Fight against Maoists is failing, says ManmohanSeptember 19, 2009
NEW DELHI: Prime Minister Manmohan Singh told India’s police chiefs on Tuesday that a campaign against Maoist militants had failed to produce results and that militant violence was on the rise in many states. Singh’s comment is the clearest signal yet of the government’s concern at an insurgency that has virtually put a vast swathe of the countryside rich in minerals out of official control, hurting potential business worth billions of dollars.
Though the economic impact of the insurgency remains limited, with the militants largely operating out of jungle hideouts, the insurgency and the sense that it is worsening adds to risks for companies mulling investments. ‘I would like to state frankly that we have not achieved as much success as we would have liked in containing this menace,’ Singh said, underscoring concern over what he has described as the biggest home-grown threat to India’s internal security.
‘It is a matter of concern that despite our efforts the level of violence in the affected states continues to rise.’
The militants have increased attacks on railways, power and telecommunication networks to halt economic development, Home Minister Palaniappan Chidambaram said.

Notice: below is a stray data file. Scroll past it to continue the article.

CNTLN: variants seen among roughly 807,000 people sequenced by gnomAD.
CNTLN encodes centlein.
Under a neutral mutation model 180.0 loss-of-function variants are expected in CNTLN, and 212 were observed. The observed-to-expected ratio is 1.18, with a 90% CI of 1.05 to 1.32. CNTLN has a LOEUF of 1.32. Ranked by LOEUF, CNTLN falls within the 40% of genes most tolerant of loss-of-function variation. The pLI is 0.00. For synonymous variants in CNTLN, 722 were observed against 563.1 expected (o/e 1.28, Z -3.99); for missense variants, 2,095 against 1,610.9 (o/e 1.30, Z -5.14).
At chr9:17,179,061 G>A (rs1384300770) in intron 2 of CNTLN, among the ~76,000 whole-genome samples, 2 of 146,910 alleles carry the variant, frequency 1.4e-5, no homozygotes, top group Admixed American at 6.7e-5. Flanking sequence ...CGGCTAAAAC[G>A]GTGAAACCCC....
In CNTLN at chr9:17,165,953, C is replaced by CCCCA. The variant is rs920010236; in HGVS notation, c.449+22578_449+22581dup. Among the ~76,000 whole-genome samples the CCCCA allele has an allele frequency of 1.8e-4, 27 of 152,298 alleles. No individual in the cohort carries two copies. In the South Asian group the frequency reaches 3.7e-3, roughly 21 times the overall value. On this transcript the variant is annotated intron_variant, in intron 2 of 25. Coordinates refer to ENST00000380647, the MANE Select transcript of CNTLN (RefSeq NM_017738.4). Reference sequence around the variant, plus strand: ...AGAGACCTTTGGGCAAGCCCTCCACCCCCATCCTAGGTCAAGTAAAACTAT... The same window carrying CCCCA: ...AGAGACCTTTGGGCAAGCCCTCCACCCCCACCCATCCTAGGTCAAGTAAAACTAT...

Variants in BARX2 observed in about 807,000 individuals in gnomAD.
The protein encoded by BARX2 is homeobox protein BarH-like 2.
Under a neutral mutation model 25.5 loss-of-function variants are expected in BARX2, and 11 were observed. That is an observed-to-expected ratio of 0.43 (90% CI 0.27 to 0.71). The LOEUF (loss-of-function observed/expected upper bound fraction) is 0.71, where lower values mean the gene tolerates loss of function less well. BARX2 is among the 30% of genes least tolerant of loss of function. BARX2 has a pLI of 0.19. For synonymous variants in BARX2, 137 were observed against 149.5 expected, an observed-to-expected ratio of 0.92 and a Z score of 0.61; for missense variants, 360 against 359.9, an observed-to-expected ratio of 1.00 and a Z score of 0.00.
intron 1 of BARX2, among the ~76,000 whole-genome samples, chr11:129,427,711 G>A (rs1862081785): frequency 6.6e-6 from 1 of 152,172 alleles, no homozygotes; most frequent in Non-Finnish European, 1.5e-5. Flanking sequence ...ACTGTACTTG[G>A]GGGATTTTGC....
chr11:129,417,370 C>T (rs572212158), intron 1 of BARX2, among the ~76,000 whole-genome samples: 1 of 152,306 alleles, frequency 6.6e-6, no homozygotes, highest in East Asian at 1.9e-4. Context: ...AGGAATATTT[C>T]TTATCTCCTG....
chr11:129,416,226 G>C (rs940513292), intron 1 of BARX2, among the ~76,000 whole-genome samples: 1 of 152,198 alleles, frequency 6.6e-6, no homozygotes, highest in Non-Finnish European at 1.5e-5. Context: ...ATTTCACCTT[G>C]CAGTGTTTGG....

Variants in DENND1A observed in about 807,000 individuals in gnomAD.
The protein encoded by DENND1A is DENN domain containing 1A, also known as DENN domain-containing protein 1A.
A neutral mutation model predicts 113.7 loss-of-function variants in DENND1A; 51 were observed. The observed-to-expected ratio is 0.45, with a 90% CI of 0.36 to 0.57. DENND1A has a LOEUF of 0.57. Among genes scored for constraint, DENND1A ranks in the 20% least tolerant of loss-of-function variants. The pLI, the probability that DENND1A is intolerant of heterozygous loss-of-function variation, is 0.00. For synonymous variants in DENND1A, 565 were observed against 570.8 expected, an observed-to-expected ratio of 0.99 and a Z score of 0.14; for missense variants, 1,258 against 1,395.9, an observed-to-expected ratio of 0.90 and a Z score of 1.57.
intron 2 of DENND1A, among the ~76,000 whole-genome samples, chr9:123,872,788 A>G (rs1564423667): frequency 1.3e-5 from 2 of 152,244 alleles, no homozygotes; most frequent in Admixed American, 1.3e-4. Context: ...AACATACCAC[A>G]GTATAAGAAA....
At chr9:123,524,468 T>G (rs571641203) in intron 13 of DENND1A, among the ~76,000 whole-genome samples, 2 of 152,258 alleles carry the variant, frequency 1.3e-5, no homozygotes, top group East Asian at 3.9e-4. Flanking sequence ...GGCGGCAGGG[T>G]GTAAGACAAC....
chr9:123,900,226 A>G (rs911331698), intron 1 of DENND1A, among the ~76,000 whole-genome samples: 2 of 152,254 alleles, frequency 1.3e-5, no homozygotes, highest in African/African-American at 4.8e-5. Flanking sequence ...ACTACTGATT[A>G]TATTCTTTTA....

In June, bauxite production at state-run National Aluminium Co Ltd (NALCO) in eastern Orissa state fell by 20 percent after an April attack by Maoists in one of their mines.
Support for Maoists?
The Maoist insurgency began four decades ago championing the cause of poor peasants in the east, but has now spread to about 20 of India’s 29 states, with the militants targeting police and government property in hit-and-run attacks.
India’s cities and bigger towns are largely free of the violence, but Singh warned that the militants had managed to retain support among a cross section of society. ‘Despite its sanguinary nature, the movement manages to retain the support of a section of the tribal communities and the poorest of the poor in many affected areas,’ he said.‘It has influence among certain sections of the civil society, the intelligentsia…all this adds to the complexity of the problem.’
India’s campaign to subdue the militants has been limited as police are often outnumbered and use outdated weapons against insurgents skilled in jungle warfare and well-equipped with rocket launchers, automatic rifles and explosives. ‘As I have stated before dealing with left-wing extremism requires a nuanced strategy, a holistic approach,’ he said. ‘It can not be treated solely as a law and order problem.’